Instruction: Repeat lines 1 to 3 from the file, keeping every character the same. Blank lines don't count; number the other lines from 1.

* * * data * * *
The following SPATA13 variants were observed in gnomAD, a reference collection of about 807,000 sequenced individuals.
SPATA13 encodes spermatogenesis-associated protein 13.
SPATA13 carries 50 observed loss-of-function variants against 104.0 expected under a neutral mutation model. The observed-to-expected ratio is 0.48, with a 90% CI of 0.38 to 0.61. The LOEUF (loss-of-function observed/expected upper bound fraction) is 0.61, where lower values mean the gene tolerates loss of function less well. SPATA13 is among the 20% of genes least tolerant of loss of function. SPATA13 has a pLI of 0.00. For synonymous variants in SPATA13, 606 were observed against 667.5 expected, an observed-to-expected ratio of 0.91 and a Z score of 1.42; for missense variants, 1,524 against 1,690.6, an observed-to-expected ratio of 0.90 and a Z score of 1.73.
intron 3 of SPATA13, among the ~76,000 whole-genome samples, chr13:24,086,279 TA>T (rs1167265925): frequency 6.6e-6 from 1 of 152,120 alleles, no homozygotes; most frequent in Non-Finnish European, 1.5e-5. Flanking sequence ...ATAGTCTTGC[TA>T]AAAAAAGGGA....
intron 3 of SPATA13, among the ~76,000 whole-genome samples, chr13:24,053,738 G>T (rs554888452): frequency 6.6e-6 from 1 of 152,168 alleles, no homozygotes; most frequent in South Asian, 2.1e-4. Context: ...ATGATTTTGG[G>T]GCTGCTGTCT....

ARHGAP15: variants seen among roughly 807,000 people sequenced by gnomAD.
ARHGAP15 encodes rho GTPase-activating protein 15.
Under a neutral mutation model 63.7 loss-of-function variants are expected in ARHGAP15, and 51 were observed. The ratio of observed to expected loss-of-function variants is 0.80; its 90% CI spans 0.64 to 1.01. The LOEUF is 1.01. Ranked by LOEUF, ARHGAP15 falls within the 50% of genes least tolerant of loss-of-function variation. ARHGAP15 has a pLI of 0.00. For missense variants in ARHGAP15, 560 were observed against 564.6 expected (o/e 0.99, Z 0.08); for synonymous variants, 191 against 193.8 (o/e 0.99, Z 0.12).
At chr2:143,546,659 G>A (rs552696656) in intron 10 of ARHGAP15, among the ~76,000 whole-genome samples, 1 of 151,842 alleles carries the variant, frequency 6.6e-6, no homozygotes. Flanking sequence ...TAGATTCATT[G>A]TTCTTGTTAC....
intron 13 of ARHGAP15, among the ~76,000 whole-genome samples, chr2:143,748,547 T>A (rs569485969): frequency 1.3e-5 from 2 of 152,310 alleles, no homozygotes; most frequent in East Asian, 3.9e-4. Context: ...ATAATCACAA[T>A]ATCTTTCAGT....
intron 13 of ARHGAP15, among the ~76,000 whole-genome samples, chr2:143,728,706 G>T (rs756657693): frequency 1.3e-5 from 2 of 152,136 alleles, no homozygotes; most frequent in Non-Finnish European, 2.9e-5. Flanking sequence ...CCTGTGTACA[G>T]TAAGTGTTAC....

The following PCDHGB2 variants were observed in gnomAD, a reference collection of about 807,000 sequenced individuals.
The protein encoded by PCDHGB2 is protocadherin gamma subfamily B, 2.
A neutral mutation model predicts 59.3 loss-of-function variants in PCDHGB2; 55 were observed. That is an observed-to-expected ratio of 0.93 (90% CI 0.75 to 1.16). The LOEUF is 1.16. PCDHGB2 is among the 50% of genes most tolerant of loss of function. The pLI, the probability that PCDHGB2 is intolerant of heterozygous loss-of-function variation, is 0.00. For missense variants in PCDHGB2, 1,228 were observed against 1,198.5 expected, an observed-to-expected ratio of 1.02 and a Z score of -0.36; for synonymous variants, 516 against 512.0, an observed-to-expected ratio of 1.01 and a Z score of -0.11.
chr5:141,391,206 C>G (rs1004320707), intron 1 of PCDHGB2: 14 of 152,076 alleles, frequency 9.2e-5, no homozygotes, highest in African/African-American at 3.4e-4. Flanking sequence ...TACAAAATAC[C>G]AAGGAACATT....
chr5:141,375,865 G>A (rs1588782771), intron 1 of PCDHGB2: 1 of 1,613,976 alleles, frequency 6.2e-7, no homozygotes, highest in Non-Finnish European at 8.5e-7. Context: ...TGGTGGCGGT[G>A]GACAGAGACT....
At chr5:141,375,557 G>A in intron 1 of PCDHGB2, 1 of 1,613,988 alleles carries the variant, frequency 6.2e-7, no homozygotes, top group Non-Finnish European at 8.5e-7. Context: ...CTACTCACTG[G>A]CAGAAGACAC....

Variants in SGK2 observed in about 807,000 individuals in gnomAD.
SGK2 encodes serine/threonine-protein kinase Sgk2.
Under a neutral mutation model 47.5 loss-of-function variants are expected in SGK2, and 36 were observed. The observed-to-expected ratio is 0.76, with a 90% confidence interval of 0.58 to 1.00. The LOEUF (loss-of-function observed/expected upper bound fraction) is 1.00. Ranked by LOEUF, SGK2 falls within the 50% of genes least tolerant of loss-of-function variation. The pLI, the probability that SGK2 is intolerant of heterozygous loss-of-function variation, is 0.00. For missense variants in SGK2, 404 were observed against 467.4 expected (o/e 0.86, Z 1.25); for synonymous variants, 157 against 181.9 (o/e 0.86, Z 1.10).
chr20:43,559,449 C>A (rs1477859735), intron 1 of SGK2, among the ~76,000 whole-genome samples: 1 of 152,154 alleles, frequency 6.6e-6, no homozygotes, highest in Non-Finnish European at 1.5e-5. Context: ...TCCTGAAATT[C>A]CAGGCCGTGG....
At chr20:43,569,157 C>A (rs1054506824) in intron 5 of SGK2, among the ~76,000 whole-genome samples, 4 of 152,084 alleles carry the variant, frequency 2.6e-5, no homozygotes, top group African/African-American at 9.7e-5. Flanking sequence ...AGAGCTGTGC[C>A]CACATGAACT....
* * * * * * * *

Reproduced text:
The following SPATA13 variants were observed in gnomAD, a reference collection of about 807,000 sequenced individuals.
SPATA13 encodes spermatogenesis-associated protein 13.
SPATA13 carries 50 observed loss-of-function variants against 104.0 expected under a neutral mutation model. The observed-to-expected ratio is 0.48, with a 90% CI of 0.38 to 0.61. The LOEUF (loss-of-function observed/expected upper bound fraction) is 0.61, where lower values mean the gene tolerates loss of function less well. SPATA13 is among the 20% of genes least tolerant of loss of function. SPATA13 has a pLI of 0.00. For synonymous variants in SPATA13, 606 were observed against 667.5 expected, an observed-to-expected ratio of 0.91 and a Z score of 1.42; for missense variants, 1,524 against 1,690.6, an observed-to-expected ratio of 0.90 and a Z score of 1.73.